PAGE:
For the owner, Construction Drawings are the most valuable tool for both establishing and enforcing the contract with a builder. Depending on the type of contract negotiated, with a comprehensive Construction Drawing phase, the builder will often be able to provide a detailed fixed price for the project, with minimal contingencies as the vast majority of unknowns have been resolved.
In many instances, a client may have a preselected list of contractors they wish to use, based on reputation or referrals; others may have no preference. If requested, Sprout Studios can provide a short list of builders appropriate to the project in terms of location, scale and budget.
Should the owner elect to have Sprout Studios put the job to tender, we will act on their behalf to request bids from a preselected list of builders. The process will be confidential and information will not be shared between bidders. Sprout Studios will prepare the same documents for each bidder to review, meet builders on site (to answer any site questions they may have or discuss issues they need to be aware of), address any construction questions the bidders may have, communicate any addendums to the construction documents to all bidders for consistency, and take notes regarding which bidders are asking which questions. Upon review of the bids, Sprout Studios will break down each bid and compare it to the competition. The Tender Comparison breaks down each bid into similar elements of construction to ensure an impartial comparison. Items of inclusion or exclusion are listed or summarized to clearly quantify each bid.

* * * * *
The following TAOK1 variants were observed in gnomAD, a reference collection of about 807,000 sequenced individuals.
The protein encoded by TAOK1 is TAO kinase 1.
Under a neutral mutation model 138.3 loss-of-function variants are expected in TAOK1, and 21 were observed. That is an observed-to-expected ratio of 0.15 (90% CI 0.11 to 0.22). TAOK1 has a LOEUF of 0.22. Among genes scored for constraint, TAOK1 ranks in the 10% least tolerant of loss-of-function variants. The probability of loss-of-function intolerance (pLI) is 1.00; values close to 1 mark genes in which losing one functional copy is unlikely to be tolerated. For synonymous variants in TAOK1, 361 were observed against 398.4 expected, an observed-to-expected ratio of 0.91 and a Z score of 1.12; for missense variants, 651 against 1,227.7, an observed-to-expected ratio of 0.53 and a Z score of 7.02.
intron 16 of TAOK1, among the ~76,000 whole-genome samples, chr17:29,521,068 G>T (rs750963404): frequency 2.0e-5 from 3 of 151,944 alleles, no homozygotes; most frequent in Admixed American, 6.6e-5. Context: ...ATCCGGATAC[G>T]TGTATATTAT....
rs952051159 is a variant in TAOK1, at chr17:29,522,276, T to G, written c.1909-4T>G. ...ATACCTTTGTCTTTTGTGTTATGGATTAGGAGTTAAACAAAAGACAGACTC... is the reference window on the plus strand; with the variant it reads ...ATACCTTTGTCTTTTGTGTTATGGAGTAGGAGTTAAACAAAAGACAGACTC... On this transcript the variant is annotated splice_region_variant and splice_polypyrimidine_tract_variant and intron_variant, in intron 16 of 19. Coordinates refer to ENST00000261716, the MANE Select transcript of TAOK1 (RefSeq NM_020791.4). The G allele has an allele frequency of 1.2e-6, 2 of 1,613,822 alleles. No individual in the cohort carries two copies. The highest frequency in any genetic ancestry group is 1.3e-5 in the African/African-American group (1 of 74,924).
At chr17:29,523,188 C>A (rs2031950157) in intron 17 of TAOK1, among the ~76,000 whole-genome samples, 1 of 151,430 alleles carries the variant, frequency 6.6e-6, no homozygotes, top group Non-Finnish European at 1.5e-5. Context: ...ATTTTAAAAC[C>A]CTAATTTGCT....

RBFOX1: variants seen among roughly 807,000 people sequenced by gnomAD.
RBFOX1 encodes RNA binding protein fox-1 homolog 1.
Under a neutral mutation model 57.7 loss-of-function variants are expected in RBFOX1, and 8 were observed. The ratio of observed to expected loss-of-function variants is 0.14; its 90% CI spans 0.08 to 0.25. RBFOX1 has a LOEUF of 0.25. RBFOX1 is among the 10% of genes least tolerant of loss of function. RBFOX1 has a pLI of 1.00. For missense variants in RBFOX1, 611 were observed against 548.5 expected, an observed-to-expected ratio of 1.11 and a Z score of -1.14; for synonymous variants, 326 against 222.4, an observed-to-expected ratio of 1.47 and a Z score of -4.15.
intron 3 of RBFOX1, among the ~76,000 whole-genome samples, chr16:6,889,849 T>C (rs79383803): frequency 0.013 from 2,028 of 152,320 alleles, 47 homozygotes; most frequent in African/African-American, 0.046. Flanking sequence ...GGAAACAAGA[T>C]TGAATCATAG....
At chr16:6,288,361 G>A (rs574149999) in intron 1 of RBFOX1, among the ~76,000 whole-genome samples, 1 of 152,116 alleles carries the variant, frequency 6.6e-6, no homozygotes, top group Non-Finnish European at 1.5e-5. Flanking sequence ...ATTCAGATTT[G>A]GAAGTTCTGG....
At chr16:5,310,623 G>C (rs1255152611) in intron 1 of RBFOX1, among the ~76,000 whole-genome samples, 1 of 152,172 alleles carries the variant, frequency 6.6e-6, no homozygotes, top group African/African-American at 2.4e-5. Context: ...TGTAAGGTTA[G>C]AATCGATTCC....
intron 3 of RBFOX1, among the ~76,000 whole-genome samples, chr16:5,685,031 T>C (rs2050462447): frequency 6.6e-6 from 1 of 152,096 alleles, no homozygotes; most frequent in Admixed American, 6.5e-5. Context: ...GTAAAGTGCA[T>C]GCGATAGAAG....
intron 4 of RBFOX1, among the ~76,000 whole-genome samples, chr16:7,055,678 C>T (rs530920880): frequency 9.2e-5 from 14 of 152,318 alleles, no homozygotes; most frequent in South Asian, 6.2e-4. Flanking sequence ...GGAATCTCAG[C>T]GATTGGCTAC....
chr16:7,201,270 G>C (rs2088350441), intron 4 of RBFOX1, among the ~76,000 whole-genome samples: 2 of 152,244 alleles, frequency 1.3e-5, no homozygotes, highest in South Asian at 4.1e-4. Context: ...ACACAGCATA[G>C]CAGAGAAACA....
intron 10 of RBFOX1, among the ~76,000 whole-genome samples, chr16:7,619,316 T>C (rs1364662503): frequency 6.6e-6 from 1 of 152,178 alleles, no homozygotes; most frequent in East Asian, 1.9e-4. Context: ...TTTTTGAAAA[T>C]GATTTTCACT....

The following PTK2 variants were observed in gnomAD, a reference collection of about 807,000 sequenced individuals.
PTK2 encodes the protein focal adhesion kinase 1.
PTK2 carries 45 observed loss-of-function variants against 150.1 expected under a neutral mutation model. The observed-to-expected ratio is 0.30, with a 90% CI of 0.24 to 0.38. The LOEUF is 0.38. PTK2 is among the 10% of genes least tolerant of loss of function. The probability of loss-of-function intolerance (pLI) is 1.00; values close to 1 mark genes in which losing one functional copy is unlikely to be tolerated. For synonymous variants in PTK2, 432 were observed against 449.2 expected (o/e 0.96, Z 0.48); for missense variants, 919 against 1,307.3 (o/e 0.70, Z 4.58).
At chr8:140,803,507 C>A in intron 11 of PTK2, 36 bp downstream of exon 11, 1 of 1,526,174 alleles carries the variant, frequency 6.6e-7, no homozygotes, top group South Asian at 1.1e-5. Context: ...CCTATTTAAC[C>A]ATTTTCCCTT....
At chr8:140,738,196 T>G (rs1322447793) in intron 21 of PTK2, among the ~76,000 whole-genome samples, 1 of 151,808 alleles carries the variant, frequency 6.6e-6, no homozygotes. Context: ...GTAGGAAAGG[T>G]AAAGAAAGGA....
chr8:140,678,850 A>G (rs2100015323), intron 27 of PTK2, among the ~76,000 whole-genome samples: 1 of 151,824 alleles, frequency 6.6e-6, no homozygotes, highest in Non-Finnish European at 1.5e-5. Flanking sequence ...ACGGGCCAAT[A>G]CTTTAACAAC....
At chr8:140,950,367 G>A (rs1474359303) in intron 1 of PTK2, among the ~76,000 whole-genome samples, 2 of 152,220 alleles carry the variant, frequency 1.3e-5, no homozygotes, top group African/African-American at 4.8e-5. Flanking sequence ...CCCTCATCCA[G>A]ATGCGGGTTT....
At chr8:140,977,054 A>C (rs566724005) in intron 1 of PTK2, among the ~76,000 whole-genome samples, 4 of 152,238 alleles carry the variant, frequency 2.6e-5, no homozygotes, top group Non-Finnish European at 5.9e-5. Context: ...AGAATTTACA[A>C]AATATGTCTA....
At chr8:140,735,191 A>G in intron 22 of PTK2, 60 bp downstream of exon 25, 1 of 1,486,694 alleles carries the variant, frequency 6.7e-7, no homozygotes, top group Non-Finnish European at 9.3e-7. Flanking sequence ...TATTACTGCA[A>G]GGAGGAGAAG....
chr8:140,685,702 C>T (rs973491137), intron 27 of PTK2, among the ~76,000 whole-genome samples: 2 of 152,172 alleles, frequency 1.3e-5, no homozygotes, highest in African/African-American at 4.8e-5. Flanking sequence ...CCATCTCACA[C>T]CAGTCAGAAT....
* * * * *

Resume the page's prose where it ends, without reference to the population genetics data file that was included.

During the process of construction and following completion, it is recommended that clients retain some degree of post design construction management service to act as their eyes and ears on site to assure what is being constructed is in keeping with what was designed to the level of quality expected. This is especially useful for projects that are remote or clients that are .
Required project management services are tailored to each job’s requirements and can include as little as periodic site visits and sending photos to the owner. Often management will include reviewing the project with building inspectors at time of inspection or providing the contractors with quantity calculations. More involved projects can include field reviews, progress documentation, construction documents compliancy reporting, scheduled site meetings, invoice and payment release approvals and deficiency reports.